Normal heart rhythms begin in the sinus node, which is located in the right upper chamber of the heart. While abnormalities of the sinus node are typically a consequence of a systemic disorder, such as hypo- or hyperthyroidism, primary sinus disease is common and can lead to an arrhythmia known as sick sinus syndrome.
Other arrhythmias arising outside of the SA node may occur, and among the most serious of these is atrial fibrillation. Arrhythmias arising from the ventricles include premature ventricular contractions and ventricular tachycardia. More serious arrhythmias sometimes lead to cardiac decompensation and acute or chronic heart failure.
Cardiac arrhythmias can lead to a very slow heart rate (potentially as slow at 40 beats per minute, known as bradycardia), a very fast heart rate, potentially over 200 beats per minute in a dog (tachycardia), or an erratic heart beat. Numerous types of arrhythmias may occur. Some of the more common ones include:
- Atrial fibrillation
- Atrial tachycardia
- Ventricular escape rhythm
- Ventricular premature complex
- Ventricular tachycardia
- Ventricular fibrillation
- First-degree heart block
- Second-degree heart block
- Third-degree heart block
Often, cardiac arrhythmias are associated with underlying heart problems in dogs, such as dilated cardiomyopathy, congestive cardiac failure, or cardiac birth defects. In addition, a variety of other diseases or events may cause cardiac arrhythmias, including:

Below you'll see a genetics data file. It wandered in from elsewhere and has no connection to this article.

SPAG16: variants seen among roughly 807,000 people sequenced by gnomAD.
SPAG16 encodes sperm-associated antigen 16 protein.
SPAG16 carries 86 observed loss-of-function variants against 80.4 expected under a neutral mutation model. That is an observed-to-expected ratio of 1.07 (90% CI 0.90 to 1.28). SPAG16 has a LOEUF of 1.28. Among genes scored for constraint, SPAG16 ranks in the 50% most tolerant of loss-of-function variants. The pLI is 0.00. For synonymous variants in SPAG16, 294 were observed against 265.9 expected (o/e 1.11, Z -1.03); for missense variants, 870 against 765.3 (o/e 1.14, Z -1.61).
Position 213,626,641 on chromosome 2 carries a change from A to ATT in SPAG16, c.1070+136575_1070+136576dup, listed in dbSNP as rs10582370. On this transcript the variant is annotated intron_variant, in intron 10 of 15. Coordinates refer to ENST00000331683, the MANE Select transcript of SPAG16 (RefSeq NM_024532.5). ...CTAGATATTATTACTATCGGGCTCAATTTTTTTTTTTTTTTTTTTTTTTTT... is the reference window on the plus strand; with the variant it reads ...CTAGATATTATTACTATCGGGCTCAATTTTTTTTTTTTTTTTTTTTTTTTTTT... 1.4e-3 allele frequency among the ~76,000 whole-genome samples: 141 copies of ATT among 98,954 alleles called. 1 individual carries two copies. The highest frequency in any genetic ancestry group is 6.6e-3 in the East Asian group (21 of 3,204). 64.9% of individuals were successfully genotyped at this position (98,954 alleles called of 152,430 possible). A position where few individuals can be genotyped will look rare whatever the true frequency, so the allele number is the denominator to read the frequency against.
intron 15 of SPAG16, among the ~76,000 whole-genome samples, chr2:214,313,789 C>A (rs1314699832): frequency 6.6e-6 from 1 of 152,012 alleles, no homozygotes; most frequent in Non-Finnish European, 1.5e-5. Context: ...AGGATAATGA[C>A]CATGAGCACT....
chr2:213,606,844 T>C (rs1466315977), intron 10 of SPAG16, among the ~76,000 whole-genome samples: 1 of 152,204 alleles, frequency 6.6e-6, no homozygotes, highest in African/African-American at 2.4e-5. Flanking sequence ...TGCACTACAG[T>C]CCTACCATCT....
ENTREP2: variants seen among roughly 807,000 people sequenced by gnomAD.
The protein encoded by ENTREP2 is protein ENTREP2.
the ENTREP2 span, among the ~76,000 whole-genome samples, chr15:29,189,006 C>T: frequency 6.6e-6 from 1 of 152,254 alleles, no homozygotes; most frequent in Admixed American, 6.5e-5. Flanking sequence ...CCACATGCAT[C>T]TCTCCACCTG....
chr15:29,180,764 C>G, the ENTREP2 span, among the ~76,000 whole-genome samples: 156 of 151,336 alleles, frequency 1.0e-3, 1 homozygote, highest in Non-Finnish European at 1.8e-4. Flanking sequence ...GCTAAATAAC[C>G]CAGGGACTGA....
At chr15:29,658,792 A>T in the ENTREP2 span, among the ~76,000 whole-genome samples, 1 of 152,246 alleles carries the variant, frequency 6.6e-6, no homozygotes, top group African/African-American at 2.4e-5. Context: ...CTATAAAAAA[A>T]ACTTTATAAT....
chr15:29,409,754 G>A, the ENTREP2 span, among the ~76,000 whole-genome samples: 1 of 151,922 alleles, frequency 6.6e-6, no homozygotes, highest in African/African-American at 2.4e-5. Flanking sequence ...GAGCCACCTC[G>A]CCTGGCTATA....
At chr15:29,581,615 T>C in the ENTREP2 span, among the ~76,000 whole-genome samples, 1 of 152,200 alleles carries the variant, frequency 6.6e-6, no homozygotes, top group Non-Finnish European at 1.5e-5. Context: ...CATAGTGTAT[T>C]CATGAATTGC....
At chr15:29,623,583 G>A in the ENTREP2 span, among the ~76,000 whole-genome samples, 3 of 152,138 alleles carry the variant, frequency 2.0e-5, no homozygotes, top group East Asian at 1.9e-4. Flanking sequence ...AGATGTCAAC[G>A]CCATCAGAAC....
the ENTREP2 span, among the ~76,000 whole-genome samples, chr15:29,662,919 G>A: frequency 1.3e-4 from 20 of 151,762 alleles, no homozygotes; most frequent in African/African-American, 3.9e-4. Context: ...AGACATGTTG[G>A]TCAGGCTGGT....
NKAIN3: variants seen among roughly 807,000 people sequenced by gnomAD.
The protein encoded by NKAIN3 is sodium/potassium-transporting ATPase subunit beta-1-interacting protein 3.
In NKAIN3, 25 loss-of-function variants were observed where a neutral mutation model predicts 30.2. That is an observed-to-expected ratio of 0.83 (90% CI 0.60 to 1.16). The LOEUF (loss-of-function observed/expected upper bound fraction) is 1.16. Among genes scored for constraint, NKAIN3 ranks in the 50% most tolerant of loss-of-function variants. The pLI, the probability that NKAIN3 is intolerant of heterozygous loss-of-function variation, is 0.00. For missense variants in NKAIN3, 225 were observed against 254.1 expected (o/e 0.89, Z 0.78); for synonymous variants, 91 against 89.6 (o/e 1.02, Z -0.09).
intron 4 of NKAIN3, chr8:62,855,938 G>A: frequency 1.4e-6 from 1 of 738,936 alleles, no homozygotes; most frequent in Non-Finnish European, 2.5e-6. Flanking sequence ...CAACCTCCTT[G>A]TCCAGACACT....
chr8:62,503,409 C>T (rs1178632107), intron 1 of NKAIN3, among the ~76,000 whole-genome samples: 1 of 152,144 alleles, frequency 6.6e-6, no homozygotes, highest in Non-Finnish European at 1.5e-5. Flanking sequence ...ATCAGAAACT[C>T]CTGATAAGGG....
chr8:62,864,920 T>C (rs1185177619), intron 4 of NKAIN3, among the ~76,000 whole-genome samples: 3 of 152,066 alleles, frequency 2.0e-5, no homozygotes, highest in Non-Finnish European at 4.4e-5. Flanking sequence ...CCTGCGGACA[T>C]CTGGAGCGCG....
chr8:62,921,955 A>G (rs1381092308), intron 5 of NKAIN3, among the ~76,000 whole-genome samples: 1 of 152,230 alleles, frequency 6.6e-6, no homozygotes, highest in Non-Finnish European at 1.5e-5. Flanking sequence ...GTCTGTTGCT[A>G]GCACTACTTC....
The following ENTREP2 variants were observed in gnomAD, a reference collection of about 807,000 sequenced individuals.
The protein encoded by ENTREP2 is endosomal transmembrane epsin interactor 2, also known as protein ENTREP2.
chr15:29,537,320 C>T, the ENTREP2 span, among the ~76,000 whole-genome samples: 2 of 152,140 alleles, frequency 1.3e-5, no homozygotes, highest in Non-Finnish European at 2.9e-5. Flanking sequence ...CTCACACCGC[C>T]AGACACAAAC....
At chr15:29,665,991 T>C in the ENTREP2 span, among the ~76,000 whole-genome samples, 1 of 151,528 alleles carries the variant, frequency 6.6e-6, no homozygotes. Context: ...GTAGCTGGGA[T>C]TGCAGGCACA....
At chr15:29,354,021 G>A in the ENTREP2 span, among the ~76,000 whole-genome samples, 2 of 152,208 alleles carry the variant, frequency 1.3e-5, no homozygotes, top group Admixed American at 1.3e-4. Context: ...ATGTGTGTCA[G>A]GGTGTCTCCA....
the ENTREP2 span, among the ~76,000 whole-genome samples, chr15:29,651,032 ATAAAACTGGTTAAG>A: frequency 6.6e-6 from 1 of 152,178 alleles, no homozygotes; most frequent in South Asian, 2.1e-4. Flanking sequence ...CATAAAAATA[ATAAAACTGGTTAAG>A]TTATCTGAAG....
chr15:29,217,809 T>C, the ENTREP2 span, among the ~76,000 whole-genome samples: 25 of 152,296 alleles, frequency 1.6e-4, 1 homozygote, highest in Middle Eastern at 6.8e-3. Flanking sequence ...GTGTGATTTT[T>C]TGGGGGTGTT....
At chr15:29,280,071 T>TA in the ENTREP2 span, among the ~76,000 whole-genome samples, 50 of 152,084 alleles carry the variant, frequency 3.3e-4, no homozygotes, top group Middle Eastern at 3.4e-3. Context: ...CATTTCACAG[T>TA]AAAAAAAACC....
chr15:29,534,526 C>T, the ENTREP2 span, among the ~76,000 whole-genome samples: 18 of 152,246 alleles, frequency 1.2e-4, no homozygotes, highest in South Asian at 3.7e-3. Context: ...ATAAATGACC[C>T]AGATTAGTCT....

- Hypothyroidism (under active thyroid gland)
- Chronic lung disease
- An overdose of certain medications, such as digoxin, narcotics, xylazine
- Administration of anesthetic agents
- High or low blood potassium
- Tumors of the heart
- Toxicity, such as chocolate poisoning
- Hypoadrenocorticism (Addison’s disease – a disease of the adrenal glands)
- Urinary obstruction
- Lyme disease
- Smoke inhalation
- Head trauma
- Low blood pressure (hypotension)
- Gastric dilatation-volvulus
- Diseases of the spleen
- Severe infections
Some arrhythmias do not require treatment, and they spontaneously convert to normal. Other arrhythmias are serious and require treatment, options of which include:
- Medications to control the arrhythmia, treat underlying heart disease in dogs, or normalize cardiac function. Medications used include digoxin, diltiazem, propranolol, enalapril, procainamide, lidocaine, and atropine.
- Certain types of cardiac arrhythmias require the placement of a pacemaker to control the arrhythmia. Severe heart blocks often require a pacemaker to keep the heart rate and rhythm normal.
- Dogs in congestive heart failure may need treatment with a diuretic (e.g. furosemide) and possibly nitroglycerine.
- Dogs with underlying medical diseases often require additional medication. For example, dogs with hypoadrenocorticism may require steroid supplementation.
Follow-Up Care for Dogs with Cardiac Arrhythmias
Optimal treatment for your dog requires a combination of home and professional veterinary care. Follow-up can be critical and may include the following:
- Administration of any prescribed veterinary medications as directed. Be certain to contact your veterinarian if you are experiencing problems treating your dog.
- Frequent veterinary evaluation (including listening to the heart with a stethoscope [cardiac auscultation]).
- Repeat EKGs to monitor your dog’s response to therapy.